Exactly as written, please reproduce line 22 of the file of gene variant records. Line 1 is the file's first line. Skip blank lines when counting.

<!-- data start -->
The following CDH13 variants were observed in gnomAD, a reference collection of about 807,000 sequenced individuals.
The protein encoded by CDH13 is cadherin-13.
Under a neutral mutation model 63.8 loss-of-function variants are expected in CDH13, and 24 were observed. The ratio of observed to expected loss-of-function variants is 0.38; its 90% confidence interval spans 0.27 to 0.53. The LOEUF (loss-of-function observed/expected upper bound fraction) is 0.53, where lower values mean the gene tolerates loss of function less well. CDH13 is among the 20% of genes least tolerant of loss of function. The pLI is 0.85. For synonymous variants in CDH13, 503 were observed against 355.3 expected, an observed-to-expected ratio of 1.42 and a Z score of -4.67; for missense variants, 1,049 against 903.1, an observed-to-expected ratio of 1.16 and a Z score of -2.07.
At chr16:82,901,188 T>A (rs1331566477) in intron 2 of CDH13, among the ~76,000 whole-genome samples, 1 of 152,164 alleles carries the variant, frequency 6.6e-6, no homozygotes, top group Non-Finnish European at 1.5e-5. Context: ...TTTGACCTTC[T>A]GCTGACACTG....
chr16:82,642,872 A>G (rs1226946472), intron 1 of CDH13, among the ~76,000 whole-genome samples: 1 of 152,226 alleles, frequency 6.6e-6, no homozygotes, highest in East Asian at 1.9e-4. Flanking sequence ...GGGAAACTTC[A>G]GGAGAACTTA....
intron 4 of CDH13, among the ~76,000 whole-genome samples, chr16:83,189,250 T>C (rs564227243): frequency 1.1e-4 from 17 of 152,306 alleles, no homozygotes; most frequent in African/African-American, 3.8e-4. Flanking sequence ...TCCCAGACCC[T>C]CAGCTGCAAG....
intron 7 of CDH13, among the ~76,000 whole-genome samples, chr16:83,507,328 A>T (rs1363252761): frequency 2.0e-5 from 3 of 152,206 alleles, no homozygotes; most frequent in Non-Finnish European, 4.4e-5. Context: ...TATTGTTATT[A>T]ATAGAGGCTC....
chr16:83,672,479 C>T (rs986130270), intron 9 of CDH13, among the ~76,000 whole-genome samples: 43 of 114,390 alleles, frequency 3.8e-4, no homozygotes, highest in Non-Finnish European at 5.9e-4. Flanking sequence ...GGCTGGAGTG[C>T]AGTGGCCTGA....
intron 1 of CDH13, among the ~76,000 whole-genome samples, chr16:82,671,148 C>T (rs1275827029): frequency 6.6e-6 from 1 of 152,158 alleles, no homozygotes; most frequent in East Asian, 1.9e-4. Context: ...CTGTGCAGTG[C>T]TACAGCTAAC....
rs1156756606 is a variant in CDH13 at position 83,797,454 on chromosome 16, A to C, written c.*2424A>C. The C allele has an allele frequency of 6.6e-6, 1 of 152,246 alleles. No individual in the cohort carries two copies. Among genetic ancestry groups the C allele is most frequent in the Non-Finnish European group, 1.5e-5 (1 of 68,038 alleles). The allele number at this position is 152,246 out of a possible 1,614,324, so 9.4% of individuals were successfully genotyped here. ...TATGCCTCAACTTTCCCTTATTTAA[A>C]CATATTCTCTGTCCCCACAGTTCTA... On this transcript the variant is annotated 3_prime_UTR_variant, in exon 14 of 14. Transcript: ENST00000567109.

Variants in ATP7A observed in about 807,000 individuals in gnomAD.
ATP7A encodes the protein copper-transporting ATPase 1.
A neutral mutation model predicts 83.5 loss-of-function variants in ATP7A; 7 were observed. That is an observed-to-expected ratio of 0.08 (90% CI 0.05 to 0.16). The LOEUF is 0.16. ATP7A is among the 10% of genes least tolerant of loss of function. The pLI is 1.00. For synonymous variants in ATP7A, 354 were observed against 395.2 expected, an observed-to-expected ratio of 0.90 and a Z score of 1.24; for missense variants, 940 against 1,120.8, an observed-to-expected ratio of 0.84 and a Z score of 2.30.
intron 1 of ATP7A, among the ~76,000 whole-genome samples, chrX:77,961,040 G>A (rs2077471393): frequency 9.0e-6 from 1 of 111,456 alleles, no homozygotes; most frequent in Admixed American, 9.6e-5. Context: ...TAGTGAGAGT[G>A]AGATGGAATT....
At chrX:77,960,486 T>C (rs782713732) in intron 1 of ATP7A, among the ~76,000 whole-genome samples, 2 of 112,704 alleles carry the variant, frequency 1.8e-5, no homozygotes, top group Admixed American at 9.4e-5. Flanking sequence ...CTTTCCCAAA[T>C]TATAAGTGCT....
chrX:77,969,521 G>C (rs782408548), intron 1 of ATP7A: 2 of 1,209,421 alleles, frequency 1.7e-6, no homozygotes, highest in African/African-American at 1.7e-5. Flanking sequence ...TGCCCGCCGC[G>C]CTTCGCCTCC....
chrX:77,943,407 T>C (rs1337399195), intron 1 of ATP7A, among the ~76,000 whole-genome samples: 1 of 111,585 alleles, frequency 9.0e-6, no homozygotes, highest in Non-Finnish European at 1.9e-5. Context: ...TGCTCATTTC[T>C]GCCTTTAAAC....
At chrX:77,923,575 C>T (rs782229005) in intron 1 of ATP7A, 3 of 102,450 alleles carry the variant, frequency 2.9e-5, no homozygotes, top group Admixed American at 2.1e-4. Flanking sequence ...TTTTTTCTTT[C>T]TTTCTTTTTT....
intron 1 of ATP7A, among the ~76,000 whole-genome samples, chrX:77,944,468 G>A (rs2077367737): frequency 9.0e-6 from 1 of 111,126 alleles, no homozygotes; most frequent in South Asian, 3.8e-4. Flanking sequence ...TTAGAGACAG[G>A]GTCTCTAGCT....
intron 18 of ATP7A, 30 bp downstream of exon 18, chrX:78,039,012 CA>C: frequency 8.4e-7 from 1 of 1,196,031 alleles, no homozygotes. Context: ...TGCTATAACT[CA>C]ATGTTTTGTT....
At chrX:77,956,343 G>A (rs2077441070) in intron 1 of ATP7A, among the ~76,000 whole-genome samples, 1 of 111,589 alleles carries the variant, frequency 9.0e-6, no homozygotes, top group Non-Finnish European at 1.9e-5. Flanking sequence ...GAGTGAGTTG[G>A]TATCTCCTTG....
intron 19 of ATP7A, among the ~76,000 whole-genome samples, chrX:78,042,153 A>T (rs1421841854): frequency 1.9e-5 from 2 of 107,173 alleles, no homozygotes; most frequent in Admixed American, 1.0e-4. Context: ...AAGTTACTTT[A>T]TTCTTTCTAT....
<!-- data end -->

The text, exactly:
intron 19 of ATP7A, among the ~76,000 whole-genome samples, chrX:78,042,153 A>T (rs1421841854): frequency 1.9e-5 from 2 of 107,173 alleles, no homozygotes; most frequent in Admixed American, 1.0e-4. Context: ...AAGTTACTTT[A>T]TTCTTTCTAT....